5. ^ Ko Swan Sik; M. C. W. Pinto; J. J. G. Syatauw (30 July 1997). Asian Yearbook International Law, 1995. Martinus Nijhoff Publishers. pp. 538–. ISBN 978-90-411-0375-8. Retrieved 12 March 2011.  The reference here is to Weiner's Human Rights in the Israeli Administered Area during the Intifada: 1987–1990
  6. ^ Swan Sik; Ko Swan Sik (November 1998). African Yearbook of International Law, 1996. Martinus Nijhoff Publishers. pp. 494–. ISBN 978-90-411-1082-4. Retrieved 12 March 2011. 
  7. ^ Joyce M. Davis (26 October 2004). Martyrs: innocence, vengeance, and despair in the Middle East. Palgrave Macmillan. pp. 31–. ISBN 978-1-4039-6681-0. Retrieved 12 March 2011.  Author cites Weiner's The use of Palestinian Children in the Al-Aqsa Intifada
  8. ^ Robert S. Wistrich (10 November 2009). A lethal obsession: anti-semitism from antiquity to the global Jihad. Random House Digital, Inc. pp. 1433–. ISBN 978-1-4000-6097-9. Retrieved 12 March 2011. 
  9. ^ Referral to Iranian President Ahmadinejad on the Charge of Incitement to Commit Genocide
  10. ^ Ralph Keyes (12 October 2004). The post-truth era: dishonesty and deception in contemporary life. Macmillan. pp. 136–. ISBN 978-0-312-30648-9. Retrieved 12 March 2011. 
  11. ^ Edward Alexander (2003). Classical liberalism & the Jewish tradition. Transaction Publishers. pp. 45–. ISBN 978-0-7658-0153-1. Retrieved 12 March 2011.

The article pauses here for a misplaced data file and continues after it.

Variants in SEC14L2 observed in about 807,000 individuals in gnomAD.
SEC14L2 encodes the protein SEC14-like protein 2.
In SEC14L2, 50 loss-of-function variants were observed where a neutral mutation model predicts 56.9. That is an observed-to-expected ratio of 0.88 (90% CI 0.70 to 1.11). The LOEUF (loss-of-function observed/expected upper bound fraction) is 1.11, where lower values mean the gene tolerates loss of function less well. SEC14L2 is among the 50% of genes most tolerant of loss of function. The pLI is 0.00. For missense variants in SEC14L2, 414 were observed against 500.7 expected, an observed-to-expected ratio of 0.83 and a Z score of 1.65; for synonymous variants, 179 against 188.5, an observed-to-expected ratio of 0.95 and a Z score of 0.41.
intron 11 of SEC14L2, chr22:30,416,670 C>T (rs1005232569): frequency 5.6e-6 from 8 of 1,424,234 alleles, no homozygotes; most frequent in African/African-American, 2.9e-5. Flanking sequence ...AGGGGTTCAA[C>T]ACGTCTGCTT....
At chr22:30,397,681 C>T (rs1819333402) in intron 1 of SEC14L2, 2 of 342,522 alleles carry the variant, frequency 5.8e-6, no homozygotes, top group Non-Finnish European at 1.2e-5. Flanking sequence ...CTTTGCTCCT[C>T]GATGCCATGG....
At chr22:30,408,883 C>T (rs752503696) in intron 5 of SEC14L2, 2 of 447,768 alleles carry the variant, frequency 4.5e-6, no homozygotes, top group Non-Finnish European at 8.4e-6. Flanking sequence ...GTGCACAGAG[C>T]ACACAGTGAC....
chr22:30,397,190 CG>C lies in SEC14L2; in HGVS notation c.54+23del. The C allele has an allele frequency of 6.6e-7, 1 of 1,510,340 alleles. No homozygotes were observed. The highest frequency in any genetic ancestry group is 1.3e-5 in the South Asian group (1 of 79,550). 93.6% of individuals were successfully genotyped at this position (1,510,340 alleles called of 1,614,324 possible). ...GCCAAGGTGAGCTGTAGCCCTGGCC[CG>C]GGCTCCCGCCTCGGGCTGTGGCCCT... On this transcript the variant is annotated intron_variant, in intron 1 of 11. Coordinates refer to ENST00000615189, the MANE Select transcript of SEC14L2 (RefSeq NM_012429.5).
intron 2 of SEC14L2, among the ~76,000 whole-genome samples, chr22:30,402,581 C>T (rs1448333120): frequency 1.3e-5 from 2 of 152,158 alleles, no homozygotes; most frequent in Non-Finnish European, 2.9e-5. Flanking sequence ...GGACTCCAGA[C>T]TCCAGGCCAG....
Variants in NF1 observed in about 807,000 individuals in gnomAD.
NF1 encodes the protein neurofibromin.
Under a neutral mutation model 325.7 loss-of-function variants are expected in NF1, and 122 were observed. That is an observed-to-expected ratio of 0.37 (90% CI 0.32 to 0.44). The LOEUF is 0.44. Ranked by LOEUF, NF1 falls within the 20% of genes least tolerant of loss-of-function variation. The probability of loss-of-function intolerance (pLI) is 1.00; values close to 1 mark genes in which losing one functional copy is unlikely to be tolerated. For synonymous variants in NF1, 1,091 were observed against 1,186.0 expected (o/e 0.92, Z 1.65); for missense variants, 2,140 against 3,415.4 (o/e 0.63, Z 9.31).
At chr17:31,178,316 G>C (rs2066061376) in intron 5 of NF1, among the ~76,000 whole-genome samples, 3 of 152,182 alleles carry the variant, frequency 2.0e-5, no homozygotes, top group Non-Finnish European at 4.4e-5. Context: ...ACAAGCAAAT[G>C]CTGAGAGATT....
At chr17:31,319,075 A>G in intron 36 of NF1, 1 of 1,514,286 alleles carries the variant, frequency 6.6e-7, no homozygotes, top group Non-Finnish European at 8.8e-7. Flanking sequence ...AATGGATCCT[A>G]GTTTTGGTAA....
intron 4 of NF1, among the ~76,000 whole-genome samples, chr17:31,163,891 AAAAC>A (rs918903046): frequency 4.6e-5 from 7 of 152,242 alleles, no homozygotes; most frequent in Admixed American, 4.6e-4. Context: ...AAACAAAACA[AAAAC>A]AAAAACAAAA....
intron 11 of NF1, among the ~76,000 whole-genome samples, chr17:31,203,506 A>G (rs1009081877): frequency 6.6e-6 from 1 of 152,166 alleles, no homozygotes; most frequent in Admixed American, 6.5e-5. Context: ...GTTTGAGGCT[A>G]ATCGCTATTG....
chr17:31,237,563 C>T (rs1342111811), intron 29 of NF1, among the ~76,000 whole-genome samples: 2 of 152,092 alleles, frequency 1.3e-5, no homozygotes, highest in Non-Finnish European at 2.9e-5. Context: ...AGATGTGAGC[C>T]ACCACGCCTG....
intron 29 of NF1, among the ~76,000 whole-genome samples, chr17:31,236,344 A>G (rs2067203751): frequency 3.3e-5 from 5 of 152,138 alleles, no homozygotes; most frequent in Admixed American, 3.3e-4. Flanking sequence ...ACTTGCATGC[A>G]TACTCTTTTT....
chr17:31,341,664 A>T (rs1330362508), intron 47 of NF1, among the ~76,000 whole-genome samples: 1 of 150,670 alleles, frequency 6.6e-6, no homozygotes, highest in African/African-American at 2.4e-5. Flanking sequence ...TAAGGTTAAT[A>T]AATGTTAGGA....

12. ^ David Pryce-Jones (January 2008). "Enough Said: A review of Defending the West: A Critque of Edward Said's Orientalism by Ibn Warraq". The New Criterion. Archived from the original on 2011-03-11. Retrieved 2011-03-11. 
  13. ^ Human Rights of Christians in Palestinian Society
  14. ^ "Persecuting the Holy Land's Christians" by Jamie Glazov, Front Page Magazine December 26, 2005
  15. ^ Caroline Cox; Catherine Butcher (4 July 2006). Cox's book of modern saints and martyrs. Continuum International Publishing Group. pp. 159–. ISBN 978-0-8264-8788-9. Retrieved 12 March 2011. Weiner's tribute to a murdered Palestinian convert to Christianity
  16. ^ a b c http://www.commentarymagazine.com/article/"my-beautiful-old-house"-and-other-fabrications-by-edward-said/ Commentary September, 1999, "“My Beautiful Old House” and other Fabrications by Edward Said" by Justus Weiner
  17. ^ Qtd. in "Commentary: 'Scholar' Deliberately Falsified Record in Attack on Said," Counterpunch September 1, 1999, accessed February 10, 2006.
  18. ^ Rpt. in Michael Sprinkler, ed. Edward Said: A Critical Reader (London: Blackwell, 1993). ISBN 1-55786-229-X.
  19. ^ http://www.jewishworldreview.com/cols/tobin082799.asp Jewish World Review Aug. 27, 1999, "Opening up Historical Cans of Worms: Myths and facts about Edward Said and Israel's War of Independence" by Jonathan Tobin
  20. ^ a b "Friends rally to repulse attack on Edward Said" by Julian Borger 23 August 1999
  21. ^ The Politics of Dispossession: The Struggle for Palestinian Self-Determination, 1969–1994 by Edward Said Pantheon Books, 1994, 450 pgs. ISBN 978-0-679-43057-5
  22. ^ Edward Said, "Defamation, Zionist-style," Al-Ahram Weekly August 26 – Sept. 1 1999, accessed February 10, 2006.
  23. ^ Edward Said, "Freud, Zionism, and Vienna" Al-Ahram Weekly March 15–21, 2001, accessed October 31, 2006.
  24. ^ Amritjit Singh, Interviews with Edward W. Said (Oxford: University Press of Mississippi, 2004) pp. 19, 219. ISBN 1-57806-366-3.